Nemo in 'Brother Bear'
In a brief split-second of “Brother Bear,” a clownfish can be seen among a group of salmon that are about to be caught and eaten. Leaving aside the question of how a tropical fish got so far north, it’s pretty clear that Nemo is about to die. Disney and Pixar were feuding at this time, which might explain the creepy cameo.
Dumbo's Father in 'Dumbo'
In the movie “Dumbo,” the titular elephant is originally named Jumbo, as his mother is named Mrs Jumbo. This is a reference to a real life famous elephant named Jumbo (who is presumably Dumbo’s father in the movie). Sadly, Jumbo was tortured throughout his life before he was killed at age 23 (young for an elephant) when he was hit by a train. This makes “Dumbo” even more tragic.
Herbie in 'Finding Dory'
Down at the bottom of the sea in “Finding Dory,” it’s possible to see a Volkswagen Beetle decaying and collecting moss. This is none other than Herbie, The Love Bug, who appeared in several Disney movies over the course of many decades. Apparently, the sentient car ended up drowning some time after his last adventure with Lindsay Lohan.
Father in 'Three Little Pigs'
In the classic Disney “Three Little Pigs” animated short, the pigs all sing and dance in one of their homes. Next to them on the wall can be seen a framed picture of some sausages, with the caption “Father” underneath. A silly joke in 1933 feels a lot worse now that Disney movies have developed a reputation for murdering parents.
An Adult Phone Number in 'The Santa Clause'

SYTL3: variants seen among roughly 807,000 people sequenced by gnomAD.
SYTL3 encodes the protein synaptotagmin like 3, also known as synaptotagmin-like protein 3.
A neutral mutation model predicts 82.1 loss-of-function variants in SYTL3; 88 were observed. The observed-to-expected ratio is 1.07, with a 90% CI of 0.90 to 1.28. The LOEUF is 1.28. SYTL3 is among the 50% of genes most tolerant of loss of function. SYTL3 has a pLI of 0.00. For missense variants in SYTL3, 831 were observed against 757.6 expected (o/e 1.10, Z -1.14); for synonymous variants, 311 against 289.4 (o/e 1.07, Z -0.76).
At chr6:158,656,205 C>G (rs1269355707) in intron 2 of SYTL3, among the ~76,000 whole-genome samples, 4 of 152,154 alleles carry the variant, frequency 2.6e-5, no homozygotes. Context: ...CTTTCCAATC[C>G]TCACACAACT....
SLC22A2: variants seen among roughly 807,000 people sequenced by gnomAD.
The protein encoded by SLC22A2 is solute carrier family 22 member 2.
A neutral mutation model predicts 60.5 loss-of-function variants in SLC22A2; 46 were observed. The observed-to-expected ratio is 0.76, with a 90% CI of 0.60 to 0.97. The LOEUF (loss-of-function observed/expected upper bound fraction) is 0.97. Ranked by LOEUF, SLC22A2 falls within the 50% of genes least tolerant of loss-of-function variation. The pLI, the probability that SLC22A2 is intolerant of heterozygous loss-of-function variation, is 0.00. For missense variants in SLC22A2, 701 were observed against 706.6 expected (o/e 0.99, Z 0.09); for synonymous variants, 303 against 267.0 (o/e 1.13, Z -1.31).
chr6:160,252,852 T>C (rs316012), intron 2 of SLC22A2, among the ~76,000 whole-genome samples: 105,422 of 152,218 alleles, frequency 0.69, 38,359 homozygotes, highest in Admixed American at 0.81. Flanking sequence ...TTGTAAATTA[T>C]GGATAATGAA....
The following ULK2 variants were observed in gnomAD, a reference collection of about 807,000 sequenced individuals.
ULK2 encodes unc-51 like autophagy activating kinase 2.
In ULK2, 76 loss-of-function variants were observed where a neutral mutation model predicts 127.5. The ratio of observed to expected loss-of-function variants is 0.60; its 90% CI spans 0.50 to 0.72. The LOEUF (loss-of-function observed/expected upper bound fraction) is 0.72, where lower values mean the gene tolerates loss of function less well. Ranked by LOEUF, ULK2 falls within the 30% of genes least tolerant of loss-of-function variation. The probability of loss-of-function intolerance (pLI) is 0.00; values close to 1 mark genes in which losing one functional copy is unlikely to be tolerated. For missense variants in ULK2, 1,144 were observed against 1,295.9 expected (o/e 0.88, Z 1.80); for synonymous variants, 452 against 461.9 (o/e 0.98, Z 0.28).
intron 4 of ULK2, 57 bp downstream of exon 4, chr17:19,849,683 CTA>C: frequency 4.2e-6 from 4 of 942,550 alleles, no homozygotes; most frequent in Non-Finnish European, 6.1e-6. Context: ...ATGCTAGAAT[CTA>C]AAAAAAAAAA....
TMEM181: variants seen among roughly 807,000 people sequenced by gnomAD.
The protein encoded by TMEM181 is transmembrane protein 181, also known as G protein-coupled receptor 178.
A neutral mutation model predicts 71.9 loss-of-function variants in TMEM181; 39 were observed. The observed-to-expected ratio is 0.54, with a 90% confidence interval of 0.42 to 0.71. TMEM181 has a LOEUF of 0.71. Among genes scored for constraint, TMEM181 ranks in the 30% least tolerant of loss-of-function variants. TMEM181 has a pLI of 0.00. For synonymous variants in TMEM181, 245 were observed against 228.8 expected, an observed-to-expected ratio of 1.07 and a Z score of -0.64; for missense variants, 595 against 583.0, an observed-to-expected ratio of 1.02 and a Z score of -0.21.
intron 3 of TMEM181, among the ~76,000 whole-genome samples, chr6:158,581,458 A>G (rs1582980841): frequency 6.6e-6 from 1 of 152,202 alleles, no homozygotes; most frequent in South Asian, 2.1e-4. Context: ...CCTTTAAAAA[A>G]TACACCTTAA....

In the original theatrical cut (and subsequent home release) of “The Santa Clause,” Tim Allen’s character makes a joke about the phone number “1800-SPANK-ME.” It turned out that this was a real phone number which many kids tried calling after watching the movie, and as such, all future releases of the movie have been edited to remove the joke.
'SFX' in 'The Lion King'
In the original “The Lion King,” at one point Simba flops down onto the ground, upsetting a cloud of dust. Some viewers have noticed that it looks like the dust forms the letters “S,” “E” and “X” in that order. Disney artists claim that it’s supposed to say “S,” “F” and “X,” a reference to special effects, but this still seems suspicious.
Jessica Rabbit in 'Who Framed Roger Rabbit?'
For a brief second in the movie “Who Framed Roger Rabbit,” when Jessica Rabbit is knocked out of a cartoon taxi cab, it’s possible to see further up her skirt than anyone should want to. Animators actually went to the trouble of editing this in, and apparently nobody at Disney’s Touchstone Pictures managed to catch on.
Gason's Eyes in 'Beauty and the Beast'
In “Beauty and the Beast,” as he falls to his death, it’s possible to see skulls flashing in Gaston’s eyes. Just in case you were in any doubt about his fate.
Sid in 'Toy Story 3'